Communication in a Systems Model
The discussion, so far, has looked at the nature of communication between individuals. Ultimately, though, collaboration is goal-directed and, so, we need to consider how communication supports goal accomplishment. We have seen that the San Juan crew did not appear to have a shared understanding of the approach to be flown on arrival. The explicit, filed flight plan approach differed from the custom and practice solution, which was a manifestation of local knowledge. The ‘normal’ trajectory was summarised by the captain w'hen he said ‘they give you an ILS to get you inbound, [...] then [...] ask you “you got the airport runway eight in sight?” [...] “clear Lagoon Visual Eight’”. The first goal is to establish an inbound track, and the second goal is to meet the requirements necessary to switch to a different runway. The transition from the ILS Runway 10 to a visual approach to Runway 08 has a critical point at which the tw'o approach paths intersect. The correct approach speed for the approach must also be achieved. The system safety boundary is the point by which surplus energy must be dissipated. The margin associated with safety boundary extends from the point at which the crew are cleared to reduce speed to the target for the approach, which w'ould have been the outer marker on the inbound course to Runway 10, to the point on the runway where sufficient energy has been lost for the aircraft to stop on the paved surface. In a previous chapter, I suggested that the margin was also the zone in which discrepant task-related signals become apparent.
Given the time of day and duration of the flight, fatigue was unlikely to have been a factor. There was a significant experience differential between the captain and the FO. The airline’s induction course included just four supervised sectors before a pilot was cleared to the line (personal communication). The captain w'as not a trainer, and the FO w'as considered competent to undertake line duties. The subsequent investigations did uncover the fact that the FO was receiving counselling and was on medication for anxiety. The flight on that day, then, needs to be seen in the context of the crew dynamic.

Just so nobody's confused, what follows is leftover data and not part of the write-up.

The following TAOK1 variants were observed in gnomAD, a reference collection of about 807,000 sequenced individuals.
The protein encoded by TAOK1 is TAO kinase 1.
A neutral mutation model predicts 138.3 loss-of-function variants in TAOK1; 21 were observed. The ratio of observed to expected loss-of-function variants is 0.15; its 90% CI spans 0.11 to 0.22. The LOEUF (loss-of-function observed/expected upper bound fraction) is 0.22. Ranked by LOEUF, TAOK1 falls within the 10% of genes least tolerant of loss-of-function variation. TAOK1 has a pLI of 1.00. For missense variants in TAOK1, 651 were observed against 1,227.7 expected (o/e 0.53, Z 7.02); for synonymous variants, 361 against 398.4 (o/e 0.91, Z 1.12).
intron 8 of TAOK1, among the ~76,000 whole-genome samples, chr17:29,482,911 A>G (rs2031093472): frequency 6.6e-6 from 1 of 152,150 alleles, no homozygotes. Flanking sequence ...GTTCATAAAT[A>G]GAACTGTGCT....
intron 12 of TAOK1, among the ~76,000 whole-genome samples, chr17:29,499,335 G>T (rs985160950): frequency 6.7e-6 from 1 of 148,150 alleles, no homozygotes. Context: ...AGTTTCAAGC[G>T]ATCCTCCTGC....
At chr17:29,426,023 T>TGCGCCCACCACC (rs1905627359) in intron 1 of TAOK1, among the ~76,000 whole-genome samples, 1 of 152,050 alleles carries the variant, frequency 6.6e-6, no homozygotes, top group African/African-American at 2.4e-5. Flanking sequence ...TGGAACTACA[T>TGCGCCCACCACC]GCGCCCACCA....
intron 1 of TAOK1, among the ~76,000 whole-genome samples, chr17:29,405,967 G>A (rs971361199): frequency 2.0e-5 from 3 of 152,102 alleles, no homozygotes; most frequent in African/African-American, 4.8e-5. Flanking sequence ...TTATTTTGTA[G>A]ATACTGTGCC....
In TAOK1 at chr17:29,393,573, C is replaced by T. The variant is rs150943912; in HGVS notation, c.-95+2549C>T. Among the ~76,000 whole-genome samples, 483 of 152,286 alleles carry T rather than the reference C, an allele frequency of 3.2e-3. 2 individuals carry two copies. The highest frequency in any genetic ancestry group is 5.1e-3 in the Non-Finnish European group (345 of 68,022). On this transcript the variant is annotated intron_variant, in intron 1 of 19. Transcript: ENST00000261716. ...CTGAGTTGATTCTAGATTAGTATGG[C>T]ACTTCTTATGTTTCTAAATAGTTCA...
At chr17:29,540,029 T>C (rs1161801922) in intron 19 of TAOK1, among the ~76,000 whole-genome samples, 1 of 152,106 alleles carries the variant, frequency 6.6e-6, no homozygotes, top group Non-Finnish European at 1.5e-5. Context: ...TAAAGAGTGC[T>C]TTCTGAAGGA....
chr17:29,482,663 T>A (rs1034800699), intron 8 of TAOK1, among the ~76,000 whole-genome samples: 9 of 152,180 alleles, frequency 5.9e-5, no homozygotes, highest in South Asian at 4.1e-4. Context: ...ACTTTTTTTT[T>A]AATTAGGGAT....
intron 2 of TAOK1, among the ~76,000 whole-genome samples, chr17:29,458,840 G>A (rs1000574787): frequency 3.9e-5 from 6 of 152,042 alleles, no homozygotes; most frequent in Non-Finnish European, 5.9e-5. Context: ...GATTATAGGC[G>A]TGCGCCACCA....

The captain’s construction of a w'ake turbulence risk did not take into consideration the actual separation of the two aircraft and the prevailing wind. The risk of turbulence was less that the captain seemed to believe. While the buffering capacity at this stage could cope with his intervention, the margin was reduced. The failure to maintain the speed requested by АТС w'as a signal suggesting that the plan modification w'ould have implications that w'ould need to be evaluated. This w'as subsequently recognised, in retrospect, by the captain: ‘Just ya ya got traffic on a five-mile final behind you anyw'ay. You get too slow because it screw's their sequence up’. The segment of the profile covered by the CVR transcript includes seven points at w'hich the crew are required to complete a checklist. Four checklists are completed, two are partially completed and one is missed out altogether. One of the partially completed checklists includes the step that establishes the target speed for the approach. The failure to complete checklists and to establish key parameters, such as the desired approach speed, were also signals. The relatively high rate of social chatter between the crew suggests that the workload was not high.
The FO’s struggle to reduce speed in the final approach phase while maintaining the correct path to the runway suggests that the system was approaching its boundary. In effect, the FO was fighting the laws of physics. The aircraft’s potential and kinetic energy, coupled with the FO’s skill set, was beginning to exceed the buffering capacity. Ironically, the subsequent intervention of the captain after the initial touchdown was possibly the act that caused the system to transition to unsafe.
Hutchins describes communication as a mechanism by which teams construct a shared memory of the progress of a distributed task. In part, this is reflected in Excerpt 8.7. By constructing a representation of the movements of aircraft in the traffic pattern behind them, what has happened in the past, the captain can reflect on the options remaining for the crew. Unfortunately, at this point, he delegates decisionmaking to the FO.